Video games and mobsters go together like a dirty rat and a pair of cement shoes. Mafia, Yakuza, GTA – numerous popular franchises promise to give players a taste of the gangster life, although the majority of them tend to focus on action and melodrama. Most games about gangsters don’t show how they actually built their criminal empires. Enter Empire of Sin, the new Prohibition Era mobster sim from Romero Games (specifically, Brenda Romero, best known for her work on the Jagged Alliance series).

Empire of Sin is an interesting mix, combining a crooked business management sim with XCOM-like turn-based strategy. It’s an ambitious concept, but is the game a roaring good time? Or should it take a long walk off a short pier? Dust off your fedora, it’s time to take a tour of Empire of Sin…

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Your journey to the top of the Chicago underworld begins with choosing a boss, which are somewhat similar to leaders in Civilization, although you’ll actually be taking your boss into battle. Of course, you can play as iconic characters like Al Capone or Dean O’Banion, but there’s more than your stereotypical pinstripe-suited “legitimate businessmen” to choose from. Empire of Sin makes an effort to offer a varied array of bosses, some real, like the intimidating Daniel McKee Jackson, who leads a double life as a funeral director and gambling kingpin, some merely inspired by the era, like the glamorous French-Canadian Goldie Garneau. Personally, I went with the hardnosed Irish hooligan Frankie Donovan, mainly because of his frequent use of the word “gobshite.”

Empire of Sin tries hard to capture the feel of the Roaring 20s (or movies and TV shows based on them, at least). The game’s streets, speakeasies, and casinos are all nicely detailed and combined with a jazzy soundtrack, create a certain ambiance. That said, it’s clear some corners have been cut – NPCs charge around seemingly at random and frequently glitch out, and you’ll see certain character models repeated over and over without much rhyme or reason. Empire of Sin’s attempt to portray a more diverse side of the 1920s is admirable, but for stretches at a time it seemed like all the “thugs” I was brutally killing were the same women with bob haircuts, which eventually made me feel a little weird. Stuff like this can’t help but break your immersion a bit.

The goal in Empire of Sin is to establish and build up “rackets,” namely breweries, speakeasies, casinos, and brothels. Each of these can be upgraded, improving their production, ambiance, security, and other key features. Customers in certain neighborhoods will have tastes for differing qualities of booze, which you’ll have to provide for maximum profits. Successful rackets attract the attention of the cops, but you can throw them off the scent with a well-placed bribe or by closing a specific business for a short stint. Of course, you can’t establish new rackets without buildings to house them in, which you can just buy, although real gangsters do their business with bullets. Initially, you’ll take over buildings from generic thugs (basically the Empire of Sin equivalent of Civ’s barbarians), but eventually expanding your empire will mean butting heads with rival gangs.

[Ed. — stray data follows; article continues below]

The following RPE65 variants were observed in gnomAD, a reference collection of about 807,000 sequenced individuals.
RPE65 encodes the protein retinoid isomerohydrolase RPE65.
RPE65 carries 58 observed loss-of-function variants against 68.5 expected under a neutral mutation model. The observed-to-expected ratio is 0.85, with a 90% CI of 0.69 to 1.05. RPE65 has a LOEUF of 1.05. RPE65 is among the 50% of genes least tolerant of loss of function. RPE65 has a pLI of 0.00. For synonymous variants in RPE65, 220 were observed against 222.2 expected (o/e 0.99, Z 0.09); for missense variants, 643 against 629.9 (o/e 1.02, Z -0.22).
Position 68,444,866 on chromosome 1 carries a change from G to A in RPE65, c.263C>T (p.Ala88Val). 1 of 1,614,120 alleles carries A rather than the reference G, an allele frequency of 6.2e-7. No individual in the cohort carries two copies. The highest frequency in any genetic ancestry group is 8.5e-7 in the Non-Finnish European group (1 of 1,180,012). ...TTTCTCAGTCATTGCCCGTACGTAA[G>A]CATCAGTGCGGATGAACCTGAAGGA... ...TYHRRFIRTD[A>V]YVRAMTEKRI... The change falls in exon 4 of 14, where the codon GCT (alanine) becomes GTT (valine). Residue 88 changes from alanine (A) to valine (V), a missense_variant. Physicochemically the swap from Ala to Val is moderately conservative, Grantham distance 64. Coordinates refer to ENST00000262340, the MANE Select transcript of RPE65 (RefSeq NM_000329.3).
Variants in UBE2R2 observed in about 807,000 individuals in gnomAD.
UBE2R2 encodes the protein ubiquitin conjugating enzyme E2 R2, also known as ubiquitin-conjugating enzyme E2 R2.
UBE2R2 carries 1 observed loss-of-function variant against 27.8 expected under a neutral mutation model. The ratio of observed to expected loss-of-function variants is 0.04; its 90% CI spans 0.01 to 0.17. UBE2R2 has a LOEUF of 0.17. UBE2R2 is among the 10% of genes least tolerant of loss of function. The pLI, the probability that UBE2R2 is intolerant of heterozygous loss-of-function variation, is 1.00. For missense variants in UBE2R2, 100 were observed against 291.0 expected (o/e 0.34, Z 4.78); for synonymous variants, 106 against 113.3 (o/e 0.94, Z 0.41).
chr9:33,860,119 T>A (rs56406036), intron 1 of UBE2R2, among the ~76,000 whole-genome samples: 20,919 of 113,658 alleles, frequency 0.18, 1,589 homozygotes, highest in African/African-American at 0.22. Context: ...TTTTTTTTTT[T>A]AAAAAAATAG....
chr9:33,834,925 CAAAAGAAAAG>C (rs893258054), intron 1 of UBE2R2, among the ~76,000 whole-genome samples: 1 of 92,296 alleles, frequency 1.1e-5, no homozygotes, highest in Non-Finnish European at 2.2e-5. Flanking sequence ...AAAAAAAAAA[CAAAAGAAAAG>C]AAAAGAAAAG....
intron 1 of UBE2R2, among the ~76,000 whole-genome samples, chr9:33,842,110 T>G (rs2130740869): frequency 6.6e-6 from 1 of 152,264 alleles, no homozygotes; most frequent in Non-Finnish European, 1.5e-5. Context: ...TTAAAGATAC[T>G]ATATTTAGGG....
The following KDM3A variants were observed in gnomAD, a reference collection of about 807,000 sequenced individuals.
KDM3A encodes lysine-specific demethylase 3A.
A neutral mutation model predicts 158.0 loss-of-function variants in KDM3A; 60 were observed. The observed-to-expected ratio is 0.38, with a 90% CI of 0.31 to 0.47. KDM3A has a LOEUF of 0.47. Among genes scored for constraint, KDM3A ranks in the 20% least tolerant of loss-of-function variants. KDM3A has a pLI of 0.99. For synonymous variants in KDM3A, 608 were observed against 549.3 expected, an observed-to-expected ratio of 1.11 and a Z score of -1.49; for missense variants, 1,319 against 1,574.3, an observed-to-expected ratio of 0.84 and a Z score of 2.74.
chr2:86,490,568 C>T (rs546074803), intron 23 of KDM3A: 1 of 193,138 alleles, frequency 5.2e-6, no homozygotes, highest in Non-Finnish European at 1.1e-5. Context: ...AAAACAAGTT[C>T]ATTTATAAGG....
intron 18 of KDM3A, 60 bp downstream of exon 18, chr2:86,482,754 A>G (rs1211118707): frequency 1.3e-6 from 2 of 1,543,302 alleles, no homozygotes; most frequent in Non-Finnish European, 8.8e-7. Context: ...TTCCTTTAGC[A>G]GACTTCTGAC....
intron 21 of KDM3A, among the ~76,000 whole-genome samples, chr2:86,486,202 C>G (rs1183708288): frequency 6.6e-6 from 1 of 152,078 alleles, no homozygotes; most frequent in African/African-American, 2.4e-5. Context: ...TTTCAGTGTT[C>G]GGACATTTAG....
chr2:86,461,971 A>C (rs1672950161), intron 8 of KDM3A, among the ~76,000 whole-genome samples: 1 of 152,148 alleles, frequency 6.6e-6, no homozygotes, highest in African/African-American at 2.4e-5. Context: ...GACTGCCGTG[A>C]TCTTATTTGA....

The basic structure of Empire of Sin is fun, at least at first. Sadly, it turns out a life of crime can feel like a routine rather fast. Early on, you’ll feel personally attached to every new business you establish, but the fact that there’s only four types of rackets, many of which look more-or-less the same on the inside, means the novelty eventually runs out. Once you’ve got dozens of rackets spread over the city, they all start to fade together. I would have appreciated the ability to really make certain rackets my own, but they all have the same set of identical upgrades to buy.

As mentioned, Empire of Sin’s turn-based combat is very much inspired by XCOM, as you can take cover behind objects and unleash a variety of weapons, attacks, and abilities. Battles provide some visceral thrills as guns let loose with a satisfying boom and dispatching enemies is just as bloody as you’d expect given the Romero pedigree. Unfortunately, much like the business sim side of Empire of Sin, combat also gets a bit repetitive. You’ll find yourself clearing out many similar-looking bars and warehouses, and the game’s AI isn’t particularly stimulating. Rather than staying put behind cover, enemies almost always push forward, allowing the player to sit back and pick them off as they get within range. Whether you win or lose often feels rather arbitrary, as the placement of your crew and your enemies is randomized at the beginning of a battle. Sometimes you’ll luck out and start near a bunch of solid cover, other times you’ll be dropped in the open right in the enemy’s crosshairs, putting you at a disadvantage right off the hop.